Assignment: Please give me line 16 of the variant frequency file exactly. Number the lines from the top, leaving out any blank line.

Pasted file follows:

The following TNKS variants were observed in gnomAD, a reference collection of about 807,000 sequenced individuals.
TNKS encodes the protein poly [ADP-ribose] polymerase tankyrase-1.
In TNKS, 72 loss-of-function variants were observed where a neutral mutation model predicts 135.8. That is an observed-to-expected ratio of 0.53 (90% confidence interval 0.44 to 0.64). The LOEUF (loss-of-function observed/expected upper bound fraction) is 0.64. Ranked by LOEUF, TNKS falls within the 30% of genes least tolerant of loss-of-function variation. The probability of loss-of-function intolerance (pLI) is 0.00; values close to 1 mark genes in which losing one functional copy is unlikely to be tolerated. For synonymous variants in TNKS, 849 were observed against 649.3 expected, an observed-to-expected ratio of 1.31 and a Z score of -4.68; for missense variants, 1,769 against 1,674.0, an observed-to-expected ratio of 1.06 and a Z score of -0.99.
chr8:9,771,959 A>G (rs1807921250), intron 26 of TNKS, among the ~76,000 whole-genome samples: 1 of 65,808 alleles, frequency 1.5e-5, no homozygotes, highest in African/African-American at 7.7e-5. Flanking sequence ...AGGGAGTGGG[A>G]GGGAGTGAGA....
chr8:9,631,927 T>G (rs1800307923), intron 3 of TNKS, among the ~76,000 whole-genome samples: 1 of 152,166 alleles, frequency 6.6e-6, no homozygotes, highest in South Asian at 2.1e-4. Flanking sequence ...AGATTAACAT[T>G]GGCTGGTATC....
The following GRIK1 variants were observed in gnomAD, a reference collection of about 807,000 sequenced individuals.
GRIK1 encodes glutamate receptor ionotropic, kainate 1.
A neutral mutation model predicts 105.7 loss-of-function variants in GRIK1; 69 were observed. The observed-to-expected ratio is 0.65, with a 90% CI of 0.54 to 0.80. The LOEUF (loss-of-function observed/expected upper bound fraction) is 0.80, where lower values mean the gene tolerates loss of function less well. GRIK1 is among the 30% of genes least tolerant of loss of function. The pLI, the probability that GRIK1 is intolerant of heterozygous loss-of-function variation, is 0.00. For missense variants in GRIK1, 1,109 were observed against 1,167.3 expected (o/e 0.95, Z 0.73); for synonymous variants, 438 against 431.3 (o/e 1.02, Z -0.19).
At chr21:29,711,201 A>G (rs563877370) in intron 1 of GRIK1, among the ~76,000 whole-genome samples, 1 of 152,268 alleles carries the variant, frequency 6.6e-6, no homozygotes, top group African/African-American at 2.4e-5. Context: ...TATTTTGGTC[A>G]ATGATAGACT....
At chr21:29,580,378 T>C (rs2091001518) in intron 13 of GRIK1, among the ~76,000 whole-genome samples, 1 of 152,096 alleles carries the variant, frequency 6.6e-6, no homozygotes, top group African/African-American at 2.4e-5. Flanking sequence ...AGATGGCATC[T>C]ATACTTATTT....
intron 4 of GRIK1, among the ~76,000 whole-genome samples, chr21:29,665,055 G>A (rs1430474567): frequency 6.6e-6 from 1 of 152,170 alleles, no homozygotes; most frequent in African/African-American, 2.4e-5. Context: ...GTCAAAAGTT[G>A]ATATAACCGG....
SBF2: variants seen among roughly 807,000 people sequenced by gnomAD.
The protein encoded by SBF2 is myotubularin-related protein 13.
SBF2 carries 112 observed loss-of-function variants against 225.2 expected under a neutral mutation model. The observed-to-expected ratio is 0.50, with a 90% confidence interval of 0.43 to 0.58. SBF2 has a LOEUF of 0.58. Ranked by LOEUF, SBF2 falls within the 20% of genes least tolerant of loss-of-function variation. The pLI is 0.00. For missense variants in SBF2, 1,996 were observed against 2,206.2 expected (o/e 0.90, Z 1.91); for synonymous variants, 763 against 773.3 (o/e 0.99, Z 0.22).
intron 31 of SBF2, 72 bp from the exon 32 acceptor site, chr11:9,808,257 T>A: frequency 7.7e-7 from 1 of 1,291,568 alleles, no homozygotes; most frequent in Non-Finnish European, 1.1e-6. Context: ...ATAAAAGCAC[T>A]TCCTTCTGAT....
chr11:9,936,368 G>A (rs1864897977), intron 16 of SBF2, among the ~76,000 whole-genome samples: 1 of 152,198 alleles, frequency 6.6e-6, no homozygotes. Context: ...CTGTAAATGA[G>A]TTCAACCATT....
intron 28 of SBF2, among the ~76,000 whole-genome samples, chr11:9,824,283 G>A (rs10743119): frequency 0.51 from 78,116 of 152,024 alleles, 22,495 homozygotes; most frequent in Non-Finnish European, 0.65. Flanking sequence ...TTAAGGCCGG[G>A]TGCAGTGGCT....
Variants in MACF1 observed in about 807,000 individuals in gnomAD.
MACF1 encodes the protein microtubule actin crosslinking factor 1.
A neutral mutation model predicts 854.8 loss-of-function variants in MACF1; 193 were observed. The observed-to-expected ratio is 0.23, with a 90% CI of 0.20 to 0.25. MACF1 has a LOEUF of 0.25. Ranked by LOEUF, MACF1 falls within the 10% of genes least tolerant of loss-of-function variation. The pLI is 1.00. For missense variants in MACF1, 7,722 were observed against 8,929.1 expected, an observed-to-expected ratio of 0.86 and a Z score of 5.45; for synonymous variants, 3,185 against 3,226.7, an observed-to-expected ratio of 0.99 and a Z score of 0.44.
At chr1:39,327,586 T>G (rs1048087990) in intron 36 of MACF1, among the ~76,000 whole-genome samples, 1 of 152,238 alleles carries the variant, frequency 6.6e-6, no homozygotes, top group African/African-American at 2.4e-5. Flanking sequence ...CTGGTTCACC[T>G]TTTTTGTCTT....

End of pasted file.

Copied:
chr11:9,936,368 G>A (rs1864897977), intron 16 of SBF2, among the ~76,000 whole-genome samples: 1 of 152,198 alleles, frequency 6.6e-6, no homozygotes. Context: ...CTGTAAATGA[G>A]TTCAACCATT....